Generic Name: Ascorbic Acid (Vitamin C) Injection (ASS kor bik ASS id)
Brand Name: Ascor L 500, Betac
Medically reviewed by Drugs.com. Last updated on May 12, 2019.
Uses of Ascorbic Acid Injection:
- It is used to treat or prevent vitamin C deficiency.
- It is used to treat scurvy.
- It may be given to you for other reasons. Talk with the doctor.
What do I need to tell my doctor BEFORE I take Ascorbic Acid Injection?
- If you have an allergy to ascorbic acid or any other part of ascorbic acid (vitamin C) injection.
- If you are allergic to any drugs like this one, any other drugs, foods, or other substances. Tell your doctor about the allergy and what signs you had, like rash; hives; itching; shortness of breath; wheezing; cough; swelling of face, lips, tongue, or throat; or any other signs.
This medicine may interact with other drugs or health problems.
Tell your doctor and pharmacist about all of your drugs (prescription or OTC, natural products, vitamins) and health problems. You must check to make sure that it is safe for you to take ascorbic acid (vitamin C) injection with all of your drugs and health problems. Do not start, stop, or change the dose of any drug without checking with your doctor.
What are some things I need to know or do while I take Ascorbic Acid Injection?
- Tell all of your health care providers that you take ascorbic acid (vitamin C) injection. This includes your doctors, nurses, pharmacists, and dentists.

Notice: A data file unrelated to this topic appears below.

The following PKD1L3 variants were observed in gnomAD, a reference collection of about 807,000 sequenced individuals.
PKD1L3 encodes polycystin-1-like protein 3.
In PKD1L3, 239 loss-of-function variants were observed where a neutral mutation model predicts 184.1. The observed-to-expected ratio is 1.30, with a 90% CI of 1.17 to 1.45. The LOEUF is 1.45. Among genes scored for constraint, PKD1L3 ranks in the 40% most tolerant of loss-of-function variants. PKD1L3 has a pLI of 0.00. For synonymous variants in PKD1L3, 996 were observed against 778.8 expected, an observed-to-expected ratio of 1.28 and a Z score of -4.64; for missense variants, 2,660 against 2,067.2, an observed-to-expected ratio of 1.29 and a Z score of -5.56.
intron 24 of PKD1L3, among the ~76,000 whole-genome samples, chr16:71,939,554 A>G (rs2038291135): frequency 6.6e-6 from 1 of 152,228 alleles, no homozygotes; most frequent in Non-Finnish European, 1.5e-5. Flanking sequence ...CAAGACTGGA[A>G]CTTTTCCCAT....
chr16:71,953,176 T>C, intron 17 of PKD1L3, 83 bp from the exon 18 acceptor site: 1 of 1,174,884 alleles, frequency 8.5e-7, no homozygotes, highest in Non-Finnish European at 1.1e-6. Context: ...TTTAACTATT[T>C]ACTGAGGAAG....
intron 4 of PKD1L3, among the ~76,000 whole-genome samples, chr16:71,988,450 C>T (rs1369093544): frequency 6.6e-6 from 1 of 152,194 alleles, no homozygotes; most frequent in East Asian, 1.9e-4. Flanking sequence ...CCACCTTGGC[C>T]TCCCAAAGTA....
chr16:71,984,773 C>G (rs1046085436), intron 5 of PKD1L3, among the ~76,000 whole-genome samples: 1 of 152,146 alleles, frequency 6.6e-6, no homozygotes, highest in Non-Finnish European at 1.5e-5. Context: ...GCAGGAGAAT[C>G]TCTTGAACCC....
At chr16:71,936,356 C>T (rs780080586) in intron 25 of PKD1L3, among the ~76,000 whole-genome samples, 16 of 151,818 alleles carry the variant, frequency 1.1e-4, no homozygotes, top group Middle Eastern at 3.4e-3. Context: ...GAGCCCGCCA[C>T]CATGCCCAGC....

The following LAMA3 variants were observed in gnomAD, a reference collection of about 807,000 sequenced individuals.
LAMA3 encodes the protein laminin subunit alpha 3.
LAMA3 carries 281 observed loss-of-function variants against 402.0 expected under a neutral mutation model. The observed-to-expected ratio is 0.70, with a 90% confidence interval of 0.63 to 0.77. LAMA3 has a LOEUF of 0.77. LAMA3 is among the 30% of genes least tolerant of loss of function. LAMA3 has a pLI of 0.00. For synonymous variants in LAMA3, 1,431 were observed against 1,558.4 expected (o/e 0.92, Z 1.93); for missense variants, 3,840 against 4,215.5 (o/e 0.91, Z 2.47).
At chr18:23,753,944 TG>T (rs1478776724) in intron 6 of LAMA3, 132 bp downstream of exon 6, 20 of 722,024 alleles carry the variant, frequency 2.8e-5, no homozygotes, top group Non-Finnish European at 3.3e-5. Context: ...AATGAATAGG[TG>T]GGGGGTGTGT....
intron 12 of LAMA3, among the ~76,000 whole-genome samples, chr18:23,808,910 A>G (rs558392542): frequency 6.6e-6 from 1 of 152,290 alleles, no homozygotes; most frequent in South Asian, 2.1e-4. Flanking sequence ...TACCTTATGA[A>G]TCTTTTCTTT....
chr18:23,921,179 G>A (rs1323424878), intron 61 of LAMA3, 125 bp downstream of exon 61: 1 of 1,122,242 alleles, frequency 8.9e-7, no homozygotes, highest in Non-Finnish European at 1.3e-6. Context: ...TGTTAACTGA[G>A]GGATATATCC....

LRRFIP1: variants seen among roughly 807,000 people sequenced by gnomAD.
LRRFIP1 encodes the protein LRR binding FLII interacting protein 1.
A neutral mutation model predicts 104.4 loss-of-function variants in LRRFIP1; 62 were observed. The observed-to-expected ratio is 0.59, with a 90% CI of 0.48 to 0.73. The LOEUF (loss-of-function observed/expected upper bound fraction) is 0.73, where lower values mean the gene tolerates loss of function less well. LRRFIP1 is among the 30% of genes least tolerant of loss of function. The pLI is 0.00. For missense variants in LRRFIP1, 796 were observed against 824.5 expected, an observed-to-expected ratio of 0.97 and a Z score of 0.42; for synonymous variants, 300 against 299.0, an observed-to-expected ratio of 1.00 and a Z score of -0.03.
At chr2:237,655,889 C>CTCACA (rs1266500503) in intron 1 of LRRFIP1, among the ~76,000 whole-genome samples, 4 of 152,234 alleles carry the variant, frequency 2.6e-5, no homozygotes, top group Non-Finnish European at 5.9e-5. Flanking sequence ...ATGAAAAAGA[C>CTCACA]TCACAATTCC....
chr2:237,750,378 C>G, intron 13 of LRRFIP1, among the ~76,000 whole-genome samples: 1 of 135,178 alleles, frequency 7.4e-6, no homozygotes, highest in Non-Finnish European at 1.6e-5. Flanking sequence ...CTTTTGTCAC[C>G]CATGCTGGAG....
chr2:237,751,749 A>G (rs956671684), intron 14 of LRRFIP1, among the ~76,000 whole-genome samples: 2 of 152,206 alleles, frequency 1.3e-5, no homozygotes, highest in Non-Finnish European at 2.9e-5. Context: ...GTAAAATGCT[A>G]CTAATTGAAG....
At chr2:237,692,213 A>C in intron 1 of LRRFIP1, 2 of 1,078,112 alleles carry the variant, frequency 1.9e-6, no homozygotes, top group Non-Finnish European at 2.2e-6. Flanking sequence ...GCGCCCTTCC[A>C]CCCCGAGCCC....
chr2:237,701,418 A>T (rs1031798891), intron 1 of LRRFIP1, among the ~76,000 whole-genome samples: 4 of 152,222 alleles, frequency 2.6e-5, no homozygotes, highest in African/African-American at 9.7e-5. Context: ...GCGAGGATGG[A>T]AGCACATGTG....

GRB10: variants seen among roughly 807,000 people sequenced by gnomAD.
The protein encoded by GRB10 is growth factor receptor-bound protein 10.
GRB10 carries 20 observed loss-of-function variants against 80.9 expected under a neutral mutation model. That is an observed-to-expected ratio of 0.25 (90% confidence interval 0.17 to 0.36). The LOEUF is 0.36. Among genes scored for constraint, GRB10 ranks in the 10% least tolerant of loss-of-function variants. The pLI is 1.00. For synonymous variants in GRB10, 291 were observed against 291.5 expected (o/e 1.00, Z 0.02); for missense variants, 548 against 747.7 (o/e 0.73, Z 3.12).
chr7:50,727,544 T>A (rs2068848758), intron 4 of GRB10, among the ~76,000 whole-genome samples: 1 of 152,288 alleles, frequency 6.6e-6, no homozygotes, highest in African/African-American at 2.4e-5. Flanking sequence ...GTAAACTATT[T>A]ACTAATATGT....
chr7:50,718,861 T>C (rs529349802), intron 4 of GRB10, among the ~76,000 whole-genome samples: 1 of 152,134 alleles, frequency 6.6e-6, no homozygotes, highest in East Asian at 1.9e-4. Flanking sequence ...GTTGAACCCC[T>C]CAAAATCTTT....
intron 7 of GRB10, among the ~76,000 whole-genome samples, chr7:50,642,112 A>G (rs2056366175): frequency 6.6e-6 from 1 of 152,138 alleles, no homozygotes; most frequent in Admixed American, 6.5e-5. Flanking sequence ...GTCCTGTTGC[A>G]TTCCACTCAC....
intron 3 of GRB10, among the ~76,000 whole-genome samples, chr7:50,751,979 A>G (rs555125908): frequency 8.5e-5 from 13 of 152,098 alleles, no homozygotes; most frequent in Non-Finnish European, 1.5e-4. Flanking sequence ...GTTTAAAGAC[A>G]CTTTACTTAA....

- This medicine may affect certain lab tests. Tell all of your health care providers and lab workers that you take ascorbic acid (vitamin C) injection.
- If you have high blood sugar (diabetes), talk with your doctor.
- If you are on a low-salt or salt-free diet, talk with your doctor.
- Kidney stones or other very bad kidney problems have rarely happened in people taking high doses of ascorbic acid (vitamin C) injection for a long time. The risk may be higher in people who have had kidney problems or kidney stones. The risk may also be higher in people 65 or older and children younger than 2 years of age.
- Do not take ascorbic acid (vitamin C) injection for longer than you were told by your doctor.
- Be careful if you have G6PD deficiency. Anemia may happen.
- Tell your doctor if you are pregnant or plan on getting pregnant. You will need to talk about the benefits and risks of using ascorbic acid (vitamin C) injection while you are pregnant.
- Tell your doctor if you are breast-feeding. You will need to talk about any risks to your baby.
How is this medicine (Ascorbic Acid Injection) best taken?
Use ascorbic acid (vitamin C) injection as ordered by your doctor. Read all information given to you. Follow all instructions closely.
- It is given as a shot into a muscle, vein, or into the fatty part of the skin.
What do I do if I miss a dose?
- Call your doctor to find out what to do.
What are some side effects that I need to call my doctor about right away?
WARNING/CAUTION: Even though it may be rare, some people may have very bad and sometimes deadly side effects when taking a drug. Tell your doctor or get medical help right away if you have any of the following signs or symptoms that may be related to a very bad side effect: